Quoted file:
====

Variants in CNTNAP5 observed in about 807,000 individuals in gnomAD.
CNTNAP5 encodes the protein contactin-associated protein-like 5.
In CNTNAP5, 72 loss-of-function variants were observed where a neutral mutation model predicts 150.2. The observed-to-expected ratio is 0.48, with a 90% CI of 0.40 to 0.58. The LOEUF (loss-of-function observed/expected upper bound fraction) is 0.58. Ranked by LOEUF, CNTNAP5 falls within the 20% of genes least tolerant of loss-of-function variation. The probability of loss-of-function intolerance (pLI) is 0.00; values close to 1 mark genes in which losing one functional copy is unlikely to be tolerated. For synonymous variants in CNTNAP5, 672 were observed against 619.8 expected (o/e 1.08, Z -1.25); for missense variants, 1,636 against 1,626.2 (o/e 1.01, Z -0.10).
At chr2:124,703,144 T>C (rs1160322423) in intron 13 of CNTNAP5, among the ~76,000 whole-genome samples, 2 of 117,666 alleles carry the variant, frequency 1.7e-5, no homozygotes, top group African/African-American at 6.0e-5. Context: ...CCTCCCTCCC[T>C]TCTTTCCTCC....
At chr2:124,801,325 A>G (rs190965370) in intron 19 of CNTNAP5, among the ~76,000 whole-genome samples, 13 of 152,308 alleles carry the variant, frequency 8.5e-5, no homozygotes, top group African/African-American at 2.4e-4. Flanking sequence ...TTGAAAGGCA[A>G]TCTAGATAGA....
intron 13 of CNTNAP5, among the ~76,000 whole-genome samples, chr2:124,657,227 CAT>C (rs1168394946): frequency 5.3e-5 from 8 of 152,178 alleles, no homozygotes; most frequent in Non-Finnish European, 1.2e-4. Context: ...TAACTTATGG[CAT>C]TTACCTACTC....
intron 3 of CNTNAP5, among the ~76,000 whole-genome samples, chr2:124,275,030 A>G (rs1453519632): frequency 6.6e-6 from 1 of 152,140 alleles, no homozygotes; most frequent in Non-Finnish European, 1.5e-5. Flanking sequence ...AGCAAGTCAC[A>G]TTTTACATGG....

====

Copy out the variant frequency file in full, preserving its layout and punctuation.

Variants in CNTNAP5 observed in about 807,000 individuals in gnomAD.
CNTNAP5 encodes the protein contactin-associated protein-like 5.
In CNTNAP5, 72 loss-of-function variants were observed where a neutral mutation model predicts 150.2. The observed-to-expected ratio is 0.48, with a 90% CI of 0.40 to 0.58. The LOEUF (loss-of-function observed/expected upper bound fraction) is 0.58. Ranked by LOEUF, CNTNAP5 falls within the 20% of genes least tolerant of loss-of-function variation. The probability of loss-of-function intolerance (pLI) is 0.00; values close to 1 mark genes in which losing one functional copy is unlikely to be tolerated. For synonymous variants in CNTNAP5, 672 were observed against 619.8 expected (o/e 1.08, Z -1.25); for missense variants, 1,636 against 1,626.2 (o/e 1.01, Z -0.10).
At chr2:124,703,144 T>C (rs1160322423) in intron 13 of CNTNAP5, among the ~76,000 whole-genome samples, 2 of 117,666 alleles carry the variant, frequency 1.7e-5, no homozygotes, top group African/African-American at 6.0e-5. Context: ...CCTCCCTCCC[T>C]TCTTTCCTCC....
At chr2:124,801,325 A>G (rs190965370) in intron 19 of CNTNAP5, among the ~76,000 whole-genome samples, 13 of 152,308 alleles carry the variant, frequency 8.5e-5, no homozygotes, top group African/African-American at 2.4e-4. Flanking sequence ...TTGAAAGGCA[A>G]TCTAGATAGA....
intron 13 of CNTNAP5, among the ~76,000 whole-genome samples, chr2:124,657,227 CAT>C (rs1168394946): frequency 5.3e-5 from 8 of 152,178 alleles, no homozygotes; most frequent in Non-Finnish European, 1.2e-4. Context: ...TAACTTATGG[CAT>C]TTACCTACTC....
intron 3 of CNTNAP5, among the ~76,000 whole-genome samples, chr2:124,275,030 A>G (rs1453519632): frequency 6.6e-6 from 1 of 152,140 alleles, no homozygotes; most frequent in Non-Finnish European, 1.5e-5. Flanking sequence ...AGCAAGTCAC[A>G]TTTTACATGG....